Death

Isabel Barrows continued her work vying for reform, primarily in prisons, and on other issues, both national and international. Writing novels, newspaper articles, and speeches, her influence was enormous in both social and political scenes. Isabel died on October 25, 1913 in Croton-on-Hudson, New York[20].

References

  1. ^ Lamb, Daniel Smith (1900.), Howard University Medical Department, Washington, D.C.: A Historical Biographical and Statistical Souvenir, Washington, DC: Howard University Medical Department, p. 117.  
  2. ^ Balakian, Peter (2004). The Burning Tigris: The Armenian Genocide and America's Response. Harper Collins. pp. 15–17.. http://books.google.com/books?id=DrYoyAM3PBYC&pg=PA15&lpg=PA15&dq=isabel+barrows&source=web&ots=wreyo9Xck8&sig=eJohTgVabyZUHxiskPnCkzDCp8M#PPA16,M1. "By virtue of her talent at the new "science" of stenography, she was called on in 1868 to fill in for her ill husband, June, then secretary to William Seward, President Andrew Johnson's Secretary of State..."  
  3. ^ Pepper, Bryan; Wetmore, Misty.:. "Gender Images of Congressional Life from Behind the Typewriter". http://www.ou.edu/special/albertctr/extensions/spring2000/gender.html. Retrieved 2007-12-19.  
  4. ^ Lamb, Daniel Smith (1900.), Howard University Medical Department, Washington, D.C.: A Historical Biographical and Statistical Souvenir, Washington, DC: Howard University Medical Department, p. 117.  
  5. ^ Mount Holyoke College, “Adams Female Academy Records, 1824-1830”, http://www.mtholyoke.edu/lits/library/arch/col/msrg/mancol/ms0503r.htm.
  6. ^ Hewitt, John Haskell (1914.), Williams College and Foreign Missions: Biographical Sketches of Williams College Men who Have Rendered Special Service to the Cause of Foreign Missions, Boston, MA., New York, N.Y., Chicago, IL.: Pilgrim Press, p. 484.  
  7. ^ Mrs. Isabel C. Barrows, New York, NY: The New York Times, October 26, 1913., p. 15.  
  8. ^ Mrs. Isabel C. Barrows, New York, NY: The New York Times, October 26, 1913., p. 15.  
  9. ^ MARRIED, New York, NY: The New York Times, June 29, 1867., p. 5.  
  10. ^ Mrs. Isabel C. Barrows, New York, NY: The New York Times, October 26, 1913., p. 15.  
  11. ^ Thadeus Russell, “Isabel Barrows,” in American National Biography, (Oxford: Oxford University Press, 1999), 2:246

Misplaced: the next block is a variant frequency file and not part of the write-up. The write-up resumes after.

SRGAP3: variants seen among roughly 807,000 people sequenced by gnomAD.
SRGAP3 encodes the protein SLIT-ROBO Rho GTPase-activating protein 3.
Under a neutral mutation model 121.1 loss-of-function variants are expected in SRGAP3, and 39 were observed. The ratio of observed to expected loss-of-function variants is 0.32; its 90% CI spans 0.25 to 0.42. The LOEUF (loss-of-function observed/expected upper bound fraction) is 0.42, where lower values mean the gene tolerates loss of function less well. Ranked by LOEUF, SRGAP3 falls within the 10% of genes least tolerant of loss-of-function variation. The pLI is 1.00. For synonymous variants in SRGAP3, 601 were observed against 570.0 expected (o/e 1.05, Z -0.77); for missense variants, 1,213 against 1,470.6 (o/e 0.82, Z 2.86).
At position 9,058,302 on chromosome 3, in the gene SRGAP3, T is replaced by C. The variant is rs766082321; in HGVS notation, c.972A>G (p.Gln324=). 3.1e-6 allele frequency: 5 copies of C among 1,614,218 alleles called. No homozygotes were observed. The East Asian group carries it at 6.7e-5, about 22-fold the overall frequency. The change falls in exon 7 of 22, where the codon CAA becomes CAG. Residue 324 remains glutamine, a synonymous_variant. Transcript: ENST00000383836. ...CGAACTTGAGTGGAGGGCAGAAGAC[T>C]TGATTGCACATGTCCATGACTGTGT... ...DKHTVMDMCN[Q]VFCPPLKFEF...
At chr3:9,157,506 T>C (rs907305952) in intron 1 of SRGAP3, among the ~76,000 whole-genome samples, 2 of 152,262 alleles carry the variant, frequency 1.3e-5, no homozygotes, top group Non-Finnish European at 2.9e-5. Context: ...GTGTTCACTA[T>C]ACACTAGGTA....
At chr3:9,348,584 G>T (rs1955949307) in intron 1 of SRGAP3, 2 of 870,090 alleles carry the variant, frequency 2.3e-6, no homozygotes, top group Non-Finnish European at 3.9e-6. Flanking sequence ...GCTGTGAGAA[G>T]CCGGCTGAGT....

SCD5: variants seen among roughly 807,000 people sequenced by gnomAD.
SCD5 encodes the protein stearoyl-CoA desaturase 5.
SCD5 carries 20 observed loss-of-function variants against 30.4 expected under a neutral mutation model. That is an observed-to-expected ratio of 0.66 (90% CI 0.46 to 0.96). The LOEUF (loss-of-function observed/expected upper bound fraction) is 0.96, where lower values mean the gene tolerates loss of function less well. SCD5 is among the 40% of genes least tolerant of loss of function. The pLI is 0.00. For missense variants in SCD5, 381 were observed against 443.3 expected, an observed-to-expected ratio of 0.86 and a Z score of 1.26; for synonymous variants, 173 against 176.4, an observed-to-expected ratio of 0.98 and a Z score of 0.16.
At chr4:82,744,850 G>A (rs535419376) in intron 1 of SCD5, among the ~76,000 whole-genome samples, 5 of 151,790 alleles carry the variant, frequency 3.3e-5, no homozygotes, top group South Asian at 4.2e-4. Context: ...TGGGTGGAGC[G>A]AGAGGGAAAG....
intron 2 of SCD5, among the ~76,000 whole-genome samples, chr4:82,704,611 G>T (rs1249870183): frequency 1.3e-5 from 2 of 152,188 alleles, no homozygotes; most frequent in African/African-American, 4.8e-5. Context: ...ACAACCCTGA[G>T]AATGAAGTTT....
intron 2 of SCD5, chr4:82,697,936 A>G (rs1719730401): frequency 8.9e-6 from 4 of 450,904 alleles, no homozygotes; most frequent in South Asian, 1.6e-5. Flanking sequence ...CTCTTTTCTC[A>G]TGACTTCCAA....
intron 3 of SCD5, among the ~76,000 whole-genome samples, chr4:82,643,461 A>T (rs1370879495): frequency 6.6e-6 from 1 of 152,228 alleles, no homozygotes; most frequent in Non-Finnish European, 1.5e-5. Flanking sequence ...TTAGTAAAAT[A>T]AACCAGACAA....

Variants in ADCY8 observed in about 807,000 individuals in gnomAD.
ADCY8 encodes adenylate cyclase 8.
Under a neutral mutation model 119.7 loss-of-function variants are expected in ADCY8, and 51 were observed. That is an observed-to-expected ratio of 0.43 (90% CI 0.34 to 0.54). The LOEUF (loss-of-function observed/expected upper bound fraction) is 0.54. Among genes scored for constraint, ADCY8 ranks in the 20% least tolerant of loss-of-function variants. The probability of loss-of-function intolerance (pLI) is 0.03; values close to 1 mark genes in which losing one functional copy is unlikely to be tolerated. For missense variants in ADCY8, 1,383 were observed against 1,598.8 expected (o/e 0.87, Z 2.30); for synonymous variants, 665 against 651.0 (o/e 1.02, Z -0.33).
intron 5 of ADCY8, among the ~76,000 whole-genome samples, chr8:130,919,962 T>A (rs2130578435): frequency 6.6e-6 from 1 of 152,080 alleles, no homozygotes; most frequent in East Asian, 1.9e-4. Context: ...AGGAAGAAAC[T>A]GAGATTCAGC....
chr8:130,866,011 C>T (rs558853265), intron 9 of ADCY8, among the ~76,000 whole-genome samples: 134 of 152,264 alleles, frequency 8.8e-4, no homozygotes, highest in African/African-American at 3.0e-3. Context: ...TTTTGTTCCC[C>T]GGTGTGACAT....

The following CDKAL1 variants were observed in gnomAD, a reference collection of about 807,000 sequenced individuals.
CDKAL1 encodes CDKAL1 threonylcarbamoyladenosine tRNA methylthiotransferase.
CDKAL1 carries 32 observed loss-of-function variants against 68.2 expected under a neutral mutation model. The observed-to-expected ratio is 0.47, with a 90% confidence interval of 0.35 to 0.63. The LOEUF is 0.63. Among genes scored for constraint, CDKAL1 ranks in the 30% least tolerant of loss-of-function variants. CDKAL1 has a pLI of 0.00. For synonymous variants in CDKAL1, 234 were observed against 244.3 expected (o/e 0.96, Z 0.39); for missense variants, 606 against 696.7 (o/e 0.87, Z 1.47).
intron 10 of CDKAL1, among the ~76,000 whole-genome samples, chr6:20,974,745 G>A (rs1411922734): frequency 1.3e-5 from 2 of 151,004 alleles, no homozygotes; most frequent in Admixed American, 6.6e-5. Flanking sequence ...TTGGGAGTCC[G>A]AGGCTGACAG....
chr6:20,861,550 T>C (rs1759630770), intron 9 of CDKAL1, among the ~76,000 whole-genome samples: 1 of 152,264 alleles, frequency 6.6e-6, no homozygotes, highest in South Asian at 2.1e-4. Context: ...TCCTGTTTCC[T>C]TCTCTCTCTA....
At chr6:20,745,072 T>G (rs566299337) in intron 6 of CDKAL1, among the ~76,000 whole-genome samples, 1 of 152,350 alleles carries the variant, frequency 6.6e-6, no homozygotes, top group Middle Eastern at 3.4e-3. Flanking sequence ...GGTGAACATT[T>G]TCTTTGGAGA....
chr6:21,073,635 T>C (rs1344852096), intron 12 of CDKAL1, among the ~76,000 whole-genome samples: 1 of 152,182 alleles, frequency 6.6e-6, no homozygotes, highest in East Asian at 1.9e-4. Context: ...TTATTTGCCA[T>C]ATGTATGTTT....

12. ^ Thadeus Russell, “Isabel Barrows,” in American National Biography, (Oxford: Oxford University Press, 1999), 2:246
  13. ^ Russell, “Isabel Barrows,” 2:246; Ogilvie and Harvey, The Biographical Dictionary of Women in Science, 85.
  14. ^ MARRIED, New York, NY: The New York Times, June 29, 1867., p. 5.  
  15. ^ Russell, “Isabel Barrows,” 2:246; Ogilvie and Harvey, The Biographical Dictionary of Women in Science, 85.
  16. ^ Russell, “Isabel Barrows,” 2:246; Ogilvie and Harvey, The Biographical Dictionary of Women in Science, 85.
  17. ^ Russell, “Isabel Barrows,” 2:246; Ogilvie and Harvey, The Biographical Dictionary of Women in Science, 85.
  18. ^ New York Times, “Unitarian Women’s League”, Pg. 11, March 7, 1897, ProQuest Historical Newspapers, http://proquest.umi.com
  19. ^ Russell, “Isabel Barrows,” 2:247; Ogilvie and Harvey, The Biographical Dictionary of Women in Science, 85.
  20. ^ Russell, “Isabel Barrows,” 2:247; Ogilvie and Harvey, The Biographical Dictionary of Women in Science, 85.

Bibliography

  • Balakian, Peter.: The Burning Tigris: The Armenian Genocide and America's Response, 2004 p. 16.
  • Barrows Isabel Chapin.: "A Sunny Life: The Biography of Samuel June Barrows" 1913.
  • Pepper, Bryan; Wetmore, Misty.: Gender Images of Congressional Life from Behind the Typewriter. Retrieved on 2007-12-19.
  • Lamb, Daniel Smith.: Howard University Medical Department, 1900 p. 117.
  • Hewitt, John Haskell.: Williams College and Foreign Missions: Biographical Sketches of Williams College Men who Have Rendered Special Service to the Cause of Foreign Missions, 1914, p. 484.
  • Stern, Madeleine Bettina.: SO MUCH IN A LIFETIME; The story of Dr. Isabel Barrows, New York: Messner (1964).
  • The New York Times Mrs. Isabel C. Barrows, October 26, 1913., p. 15.
  • The New York Times MARRIED, June 29, 1867., p. 5.